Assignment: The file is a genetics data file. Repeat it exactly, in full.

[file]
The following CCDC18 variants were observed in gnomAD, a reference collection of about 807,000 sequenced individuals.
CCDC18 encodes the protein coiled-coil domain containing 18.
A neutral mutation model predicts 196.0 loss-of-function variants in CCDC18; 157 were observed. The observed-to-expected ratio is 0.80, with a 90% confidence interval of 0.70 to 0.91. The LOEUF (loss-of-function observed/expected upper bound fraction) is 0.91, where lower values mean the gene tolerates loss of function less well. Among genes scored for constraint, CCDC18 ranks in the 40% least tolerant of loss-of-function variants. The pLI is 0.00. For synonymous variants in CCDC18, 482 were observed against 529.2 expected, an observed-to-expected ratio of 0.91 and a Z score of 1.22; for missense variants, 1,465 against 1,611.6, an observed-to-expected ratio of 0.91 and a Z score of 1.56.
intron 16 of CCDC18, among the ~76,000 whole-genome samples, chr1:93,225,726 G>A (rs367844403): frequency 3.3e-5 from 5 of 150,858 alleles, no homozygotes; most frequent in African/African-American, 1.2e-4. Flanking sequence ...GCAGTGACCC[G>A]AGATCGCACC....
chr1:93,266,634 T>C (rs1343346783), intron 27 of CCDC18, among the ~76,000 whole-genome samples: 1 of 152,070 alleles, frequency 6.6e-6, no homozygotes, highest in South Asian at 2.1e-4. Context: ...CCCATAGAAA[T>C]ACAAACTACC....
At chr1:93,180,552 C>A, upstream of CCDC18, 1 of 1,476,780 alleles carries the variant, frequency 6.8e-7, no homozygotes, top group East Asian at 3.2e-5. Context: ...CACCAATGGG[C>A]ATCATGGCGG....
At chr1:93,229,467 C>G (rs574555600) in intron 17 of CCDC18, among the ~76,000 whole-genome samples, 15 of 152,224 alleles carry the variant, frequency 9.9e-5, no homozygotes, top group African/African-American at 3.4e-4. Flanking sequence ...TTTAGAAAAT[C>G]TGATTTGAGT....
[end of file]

The following CCDC18 variants were observed in gnomAD, a reference collection of about 807,000 sequenced individuals.
CCDC18 encodes the protein coiled-coil domain containing 18.
A neutral mutation model predicts 196.0 loss-of-function variants in CCDC18; 157 were observed. The observed-to-expected ratio is 0.80, with a 90% confidence interval of 0.70 to 0.91. The LOEUF (loss-of-function observed/expected upper bound fraction) is 0.91, where lower values mean the gene tolerates loss of function less well. Among genes scored for constraint, CCDC18 ranks in the 40% least tolerant of loss-of-function variants. The pLI is 0.00. For synonymous variants in CCDC18, 482 were observed against 529.2 expected, an observed-to-expected ratio of 0.91 and a Z score of 1.22; for missense variants, 1,465 against 1,611.6, an observed-to-expected ratio of 0.91 and a Z score of 1.56.
intron 16 of CCDC18, among the ~76,000 whole-genome samples, chr1:93,225,726 G>A (rs367844403): frequency 3.3e-5 from 5 of 150,858 alleles, no homozygotes; most frequent in African/African-American, 1.2e-4. Flanking sequence ...GCAGTGACCC[G>A]AGATCGCACC....
chr1:93,266,634 T>C (rs1343346783), intron 27 of CCDC18, among the ~76,000 whole-genome samples: 1 of 152,070 alleles, frequency 6.6e-6, no homozygotes, highest in South Asian at 2.1e-4. Context: ...CCCATAGAAA[T>C]ACAAACTACC....
At chr1:93,180,552 C>A, upstream of CCDC18, 1 of 1,476,780 alleles carries the variant, frequency 6.8e-7, no homozygotes, top group East Asian at 3.2e-5. Context: ...CACCAATGGG[C>A]ATCATGGCGG....
At chr1:93,229,467 C>G (rs574555600) in intron 17 of CCDC18, among the ~76,000 whole-genome samples, 15 of 152,224 alleles carry the variant, frequency 9.9e-5, no homozygotes, top group African/African-American at 3.4e-4. Flanking sequence ...TTTAGAAAAT[C>G]TGATTTGAGT....